Most of the maintenance patients receiving a combination of lenalidomide and bortezomib +/- steroids (33/36 evaluable patients, 91.7%) or bortezomib +/- steroids (37/47 evaluable patients, 78.7%) were high-risk by cytogenetic classification. Conversely, for the lenalidomide +/- steroids subgroup, only 28.5% were considered as high-risk (278/976 evaluable patients) while 71.5% were standard-risk (698/976 evaluable patients) (cytogenetic risk data was unknown for the remaining patients). Of note, 278 patients in the high-risk cytogenetics subgroup (62.8%) received a lenalidomide-based maintenance regimen (lenalidomide +/- steroids).

Of the 2061 patients that received any maintenance regimen, 1173 patients (56.9%) had already discontinued treatment at time of study datalock; the median duration on maintenance therapy for these individuals was 15.7 months (0.1–154 months). For evaluable patients receiving any maintenance therapy (926 patients), median treatment duration was 17.6 months (0.1–122.5 months). For the 859 patients (41.7%) that discontinued maintenance with lenalidomide + /- steroids, the median duration of maintenance was 17.8 months (0.1–122.6 months). The reasons for discontinuation of most common maintenance therapy are summarized in Table 4. Disease progression was the most common reason for discontinuation of maintenance (61.0%), and the median maintenance duration for these 716 patients was 18.8 months (0.5–154 months); the median duration of maintenance was 9.4 months (0.1–122.6 months) for the 363 patients (31.5%) who discontinued for toxicities, secondary malignancies, and death.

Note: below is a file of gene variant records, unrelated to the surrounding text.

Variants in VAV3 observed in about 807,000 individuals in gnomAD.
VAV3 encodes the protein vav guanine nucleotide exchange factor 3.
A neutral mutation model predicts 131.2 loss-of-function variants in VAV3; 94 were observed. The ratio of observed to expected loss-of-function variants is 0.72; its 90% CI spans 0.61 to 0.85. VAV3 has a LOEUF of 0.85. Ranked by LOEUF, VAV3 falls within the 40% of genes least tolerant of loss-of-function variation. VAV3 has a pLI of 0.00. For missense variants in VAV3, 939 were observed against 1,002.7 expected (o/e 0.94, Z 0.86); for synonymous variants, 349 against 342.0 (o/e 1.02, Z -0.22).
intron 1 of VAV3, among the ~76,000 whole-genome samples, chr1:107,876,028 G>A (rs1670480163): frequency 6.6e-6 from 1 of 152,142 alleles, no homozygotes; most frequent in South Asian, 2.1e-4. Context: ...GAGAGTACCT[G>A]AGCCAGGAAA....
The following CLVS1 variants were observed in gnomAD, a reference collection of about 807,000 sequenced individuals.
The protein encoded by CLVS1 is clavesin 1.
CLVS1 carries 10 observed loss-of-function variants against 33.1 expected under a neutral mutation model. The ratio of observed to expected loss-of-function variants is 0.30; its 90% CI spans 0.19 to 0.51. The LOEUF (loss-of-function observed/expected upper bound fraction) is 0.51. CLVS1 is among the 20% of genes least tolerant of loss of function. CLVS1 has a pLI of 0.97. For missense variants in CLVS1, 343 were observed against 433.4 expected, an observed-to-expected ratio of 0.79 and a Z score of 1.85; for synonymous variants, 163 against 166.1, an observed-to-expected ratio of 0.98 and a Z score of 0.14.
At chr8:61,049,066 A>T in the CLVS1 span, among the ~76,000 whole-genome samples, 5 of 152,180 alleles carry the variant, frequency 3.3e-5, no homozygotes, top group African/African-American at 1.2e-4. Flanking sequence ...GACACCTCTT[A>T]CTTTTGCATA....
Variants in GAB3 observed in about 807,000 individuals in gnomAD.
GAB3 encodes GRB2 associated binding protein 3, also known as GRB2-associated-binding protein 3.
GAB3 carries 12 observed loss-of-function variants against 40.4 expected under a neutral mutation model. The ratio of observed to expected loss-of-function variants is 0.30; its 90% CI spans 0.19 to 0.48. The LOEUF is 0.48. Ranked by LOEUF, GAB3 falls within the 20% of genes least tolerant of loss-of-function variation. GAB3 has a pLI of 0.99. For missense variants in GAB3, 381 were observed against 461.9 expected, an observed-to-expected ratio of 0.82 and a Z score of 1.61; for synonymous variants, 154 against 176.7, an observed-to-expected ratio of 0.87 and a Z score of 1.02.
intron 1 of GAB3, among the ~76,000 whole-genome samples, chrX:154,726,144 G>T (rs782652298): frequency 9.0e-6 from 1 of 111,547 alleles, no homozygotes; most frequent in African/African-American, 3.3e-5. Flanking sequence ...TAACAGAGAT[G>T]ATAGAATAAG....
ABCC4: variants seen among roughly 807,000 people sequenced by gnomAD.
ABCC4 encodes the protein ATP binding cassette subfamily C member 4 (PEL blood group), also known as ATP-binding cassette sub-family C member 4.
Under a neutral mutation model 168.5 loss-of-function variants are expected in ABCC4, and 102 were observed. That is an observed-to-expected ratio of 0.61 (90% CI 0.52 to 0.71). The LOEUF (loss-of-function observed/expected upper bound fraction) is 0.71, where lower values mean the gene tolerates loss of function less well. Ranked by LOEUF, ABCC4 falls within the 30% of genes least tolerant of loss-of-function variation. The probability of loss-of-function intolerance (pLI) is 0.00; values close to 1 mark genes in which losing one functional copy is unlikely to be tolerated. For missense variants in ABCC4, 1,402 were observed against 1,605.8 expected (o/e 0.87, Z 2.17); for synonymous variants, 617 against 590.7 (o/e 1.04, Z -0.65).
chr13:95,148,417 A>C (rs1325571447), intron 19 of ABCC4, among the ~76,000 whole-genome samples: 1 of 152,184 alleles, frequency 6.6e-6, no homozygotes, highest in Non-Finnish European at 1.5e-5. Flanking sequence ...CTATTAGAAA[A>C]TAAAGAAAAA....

Table 4 Reasons for discontinuation of most common maintenance therapy.


Outcomes according to different ASCT components and cytogenetic risk category are summarized in Table 5.

Table 5 Treatment and outcomes in 3821 newly diagnosed ASCT patients.